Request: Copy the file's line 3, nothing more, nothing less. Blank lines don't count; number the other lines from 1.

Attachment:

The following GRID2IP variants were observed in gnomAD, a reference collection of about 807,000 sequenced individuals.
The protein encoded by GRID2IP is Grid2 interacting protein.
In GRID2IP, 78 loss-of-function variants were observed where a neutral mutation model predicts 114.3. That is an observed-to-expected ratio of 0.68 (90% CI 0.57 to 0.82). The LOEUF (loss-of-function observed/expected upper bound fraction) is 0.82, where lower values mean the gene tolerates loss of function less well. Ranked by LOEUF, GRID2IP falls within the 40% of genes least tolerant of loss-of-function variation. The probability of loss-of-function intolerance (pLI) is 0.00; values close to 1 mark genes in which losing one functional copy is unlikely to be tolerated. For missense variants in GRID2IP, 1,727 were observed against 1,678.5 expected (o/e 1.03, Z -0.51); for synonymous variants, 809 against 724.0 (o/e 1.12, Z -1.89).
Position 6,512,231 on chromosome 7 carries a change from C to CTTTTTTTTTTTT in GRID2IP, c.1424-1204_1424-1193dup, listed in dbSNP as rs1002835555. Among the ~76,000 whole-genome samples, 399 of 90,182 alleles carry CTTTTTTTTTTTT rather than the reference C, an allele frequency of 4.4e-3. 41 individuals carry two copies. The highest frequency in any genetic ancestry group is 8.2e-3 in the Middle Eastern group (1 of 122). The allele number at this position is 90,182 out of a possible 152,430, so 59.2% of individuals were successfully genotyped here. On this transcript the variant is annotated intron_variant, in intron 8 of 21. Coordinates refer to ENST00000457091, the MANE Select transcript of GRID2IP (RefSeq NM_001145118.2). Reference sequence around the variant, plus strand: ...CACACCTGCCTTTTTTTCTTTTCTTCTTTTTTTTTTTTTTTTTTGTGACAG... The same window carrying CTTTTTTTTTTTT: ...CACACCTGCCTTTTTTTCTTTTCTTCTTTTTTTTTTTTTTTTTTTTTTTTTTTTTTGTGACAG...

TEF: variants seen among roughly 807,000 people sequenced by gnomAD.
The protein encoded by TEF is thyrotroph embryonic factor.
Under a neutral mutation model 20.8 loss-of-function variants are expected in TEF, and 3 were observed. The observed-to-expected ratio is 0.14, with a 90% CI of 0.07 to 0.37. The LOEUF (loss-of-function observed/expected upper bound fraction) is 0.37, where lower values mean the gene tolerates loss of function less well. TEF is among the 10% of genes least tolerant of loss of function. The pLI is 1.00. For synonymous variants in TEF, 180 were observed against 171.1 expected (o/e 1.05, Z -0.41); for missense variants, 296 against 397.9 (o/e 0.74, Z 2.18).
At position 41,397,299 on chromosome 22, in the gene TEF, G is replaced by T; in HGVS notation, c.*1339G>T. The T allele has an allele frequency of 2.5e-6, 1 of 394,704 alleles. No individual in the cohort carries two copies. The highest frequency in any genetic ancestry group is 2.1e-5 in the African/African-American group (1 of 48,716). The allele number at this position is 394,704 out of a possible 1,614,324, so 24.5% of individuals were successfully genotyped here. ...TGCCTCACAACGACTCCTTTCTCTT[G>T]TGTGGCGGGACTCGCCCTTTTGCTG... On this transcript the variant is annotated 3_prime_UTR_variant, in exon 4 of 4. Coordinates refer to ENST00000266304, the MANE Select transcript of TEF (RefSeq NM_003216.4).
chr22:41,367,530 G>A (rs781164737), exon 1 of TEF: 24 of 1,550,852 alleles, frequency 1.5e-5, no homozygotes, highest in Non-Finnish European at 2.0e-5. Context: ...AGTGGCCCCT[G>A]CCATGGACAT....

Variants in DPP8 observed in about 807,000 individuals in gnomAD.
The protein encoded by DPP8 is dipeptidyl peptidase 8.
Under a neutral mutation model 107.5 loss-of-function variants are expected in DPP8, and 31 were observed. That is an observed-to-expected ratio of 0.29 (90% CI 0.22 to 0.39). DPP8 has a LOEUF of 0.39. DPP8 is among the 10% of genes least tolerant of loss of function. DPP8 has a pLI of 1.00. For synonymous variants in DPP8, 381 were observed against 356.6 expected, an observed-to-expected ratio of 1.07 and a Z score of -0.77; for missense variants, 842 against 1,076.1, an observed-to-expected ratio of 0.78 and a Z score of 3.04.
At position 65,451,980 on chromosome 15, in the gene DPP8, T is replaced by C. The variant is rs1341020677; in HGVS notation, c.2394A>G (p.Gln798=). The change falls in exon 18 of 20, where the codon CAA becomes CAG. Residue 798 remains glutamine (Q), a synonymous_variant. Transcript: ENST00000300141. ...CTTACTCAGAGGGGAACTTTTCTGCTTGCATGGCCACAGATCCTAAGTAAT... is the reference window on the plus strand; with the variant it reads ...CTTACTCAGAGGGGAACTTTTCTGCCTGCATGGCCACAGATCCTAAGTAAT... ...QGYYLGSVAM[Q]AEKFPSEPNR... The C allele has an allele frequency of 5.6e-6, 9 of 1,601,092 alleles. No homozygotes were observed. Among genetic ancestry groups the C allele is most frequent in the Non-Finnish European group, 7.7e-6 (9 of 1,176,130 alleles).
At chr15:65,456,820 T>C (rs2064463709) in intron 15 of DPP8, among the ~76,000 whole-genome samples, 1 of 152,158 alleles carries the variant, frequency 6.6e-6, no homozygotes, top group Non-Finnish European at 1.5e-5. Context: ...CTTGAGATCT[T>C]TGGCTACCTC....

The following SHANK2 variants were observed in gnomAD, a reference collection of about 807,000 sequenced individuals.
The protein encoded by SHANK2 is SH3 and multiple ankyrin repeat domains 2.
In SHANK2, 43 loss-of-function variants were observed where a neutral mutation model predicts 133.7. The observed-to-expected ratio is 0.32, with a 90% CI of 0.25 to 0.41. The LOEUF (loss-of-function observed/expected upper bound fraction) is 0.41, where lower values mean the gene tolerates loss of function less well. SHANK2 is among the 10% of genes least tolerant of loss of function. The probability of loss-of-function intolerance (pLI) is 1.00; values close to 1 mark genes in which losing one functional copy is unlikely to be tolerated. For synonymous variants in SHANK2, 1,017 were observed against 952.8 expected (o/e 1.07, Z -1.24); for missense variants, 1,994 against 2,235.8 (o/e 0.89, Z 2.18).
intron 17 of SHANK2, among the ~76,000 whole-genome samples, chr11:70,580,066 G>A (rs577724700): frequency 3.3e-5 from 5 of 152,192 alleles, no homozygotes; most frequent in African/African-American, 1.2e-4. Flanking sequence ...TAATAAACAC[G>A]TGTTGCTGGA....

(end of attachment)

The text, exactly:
In GRID2IP, 78 loss-of-function variants were observed where a neutral mutation model predicts 114.3. That is an observed-to-expected ratio of 0.68 (90% CI 0.57 to 0.82). The LOEUF (loss-of-function observed/expected upper bound fraction) is 0.82, where lower values mean the gene tolerates loss of function less well. Ranked by LOEUF, GRID2IP falls within the 40% of genes least tolerant of loss-of-function variation. The probability of loss-of-function intolerance (pLI) is 0.00; values close to 1 mark genes in which losing one functional copy is unlikely to be tolerated. For missense variants in GRID2IP, 1,727 were observed against 1,678.5 expected (o/e 1.03, Z -0.51); for synonymous variants, 809 against 724.0 (o/e 1.12, Z -1.89).